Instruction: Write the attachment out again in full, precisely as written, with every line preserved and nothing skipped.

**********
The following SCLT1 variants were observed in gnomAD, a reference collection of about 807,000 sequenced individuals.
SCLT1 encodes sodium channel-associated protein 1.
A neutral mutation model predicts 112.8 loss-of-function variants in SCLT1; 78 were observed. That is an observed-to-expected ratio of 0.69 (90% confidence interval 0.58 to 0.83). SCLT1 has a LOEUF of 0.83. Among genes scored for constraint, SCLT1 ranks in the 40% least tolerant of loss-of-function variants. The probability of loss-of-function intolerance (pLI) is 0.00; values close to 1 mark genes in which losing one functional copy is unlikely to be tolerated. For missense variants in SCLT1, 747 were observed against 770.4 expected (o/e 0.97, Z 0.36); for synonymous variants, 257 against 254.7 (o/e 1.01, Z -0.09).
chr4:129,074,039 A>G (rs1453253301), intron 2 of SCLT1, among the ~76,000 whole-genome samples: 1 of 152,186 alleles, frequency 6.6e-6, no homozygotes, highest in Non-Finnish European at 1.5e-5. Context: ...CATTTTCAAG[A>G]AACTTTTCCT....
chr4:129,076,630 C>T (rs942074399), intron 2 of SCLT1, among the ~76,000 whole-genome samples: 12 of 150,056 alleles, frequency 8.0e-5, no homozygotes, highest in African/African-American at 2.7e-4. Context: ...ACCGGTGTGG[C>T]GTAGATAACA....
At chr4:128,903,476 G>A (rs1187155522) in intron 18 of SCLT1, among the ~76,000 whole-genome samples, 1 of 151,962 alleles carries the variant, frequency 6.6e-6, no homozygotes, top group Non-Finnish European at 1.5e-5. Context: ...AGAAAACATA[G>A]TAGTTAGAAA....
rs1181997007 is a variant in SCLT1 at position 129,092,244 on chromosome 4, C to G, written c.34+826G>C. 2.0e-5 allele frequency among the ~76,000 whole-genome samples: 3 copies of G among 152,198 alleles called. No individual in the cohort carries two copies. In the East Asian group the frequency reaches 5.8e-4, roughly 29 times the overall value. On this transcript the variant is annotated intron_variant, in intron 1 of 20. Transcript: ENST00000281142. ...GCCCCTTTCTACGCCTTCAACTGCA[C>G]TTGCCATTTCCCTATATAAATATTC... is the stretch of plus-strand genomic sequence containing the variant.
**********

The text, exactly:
The following SCLT1 variants were observed in gnomAD, a reference collection of about 807,000 sequenced individuals.
SCLT1 encodes sodium channel-associated protein 1.
A neutral mutation model predicts 112.8 loss-of-function variants in SCLT1; 78 were observed. That is an observed-to-expected ratio of 0.69 (90% confidence interval 0.58 to 0.83). SCLT1 has a LOEUF of 0.83. Among genes scored for constraint, SCLT1 ranks in the 40% least tolerant of loss-of-function variants. The probability of loss-of-function intolerance (pLI) is 0.00; values close to 1 mark genes in which losing one functional copy is unlikely to be tolerated. For missense variants in SCLT1, 747 were observed against 770.4 expected (o/e 0.97, Z 0.36); for synonymous variants, 257 against 254.7 (o/e 1.01, Z -0.09).
chr4:129,074,039 A>G (rs1453253301), intron 2 of SCLT1, among the ~76,000 whole-genome samples: 1 of 152,186 alleles, frequency 6.6e-6, no homozygotes, highest in Non-Finnish European at 1.5e-5. Context: ...CATTTTCAAG[A>G]AACTTTTCCT....
chr4:129,076,630 C>T (rs942074399), intron 2 of SCLT1, among the ~76,000 whole-genome samples: 12 of 150,056 alleles, frequency 8.0e-5, no homozygotes, highest in African/African-American at 2.7e-4. Context: ...ACCGGTGTGG[C>T]GTAGATAACA....
At chr4:128,903,476 G>A (rs1187155522) in intron 18 of SCLT1, among the ~76,000 whole-genome samples, 1 of 151,962 alleles carries the variant, frequency 6.6e-6, no homozygotes, top group Non-Finnish European at 1.5e-5. Context: ...AGAAAACATA[G>A]TAGTTAGAAA....
rs1181997007 is a variant in SCLT1 at position 129,092,244 on chromosome 4, C to G, written c.34+826G>C. 2.0e-5 allele frequency among the ~76,000 whole-genome samples: 3 copies of G among 152,198 alleles called. No individual in the cohort carries two copies. In the East Asian group the frequency reaches 5.8e-4, roughly 29 times the overall value. On this transcript the variant is annotated intron_variant, in intron 1 of 20. Transcript: ENST00000281142. ...GCCCCTTTCTACGCCTTCAACTGCA[C>G]TTGCCATTTCCCTATATAAATATTC... is the stretch of plus-strand genomic sequence containing the variant.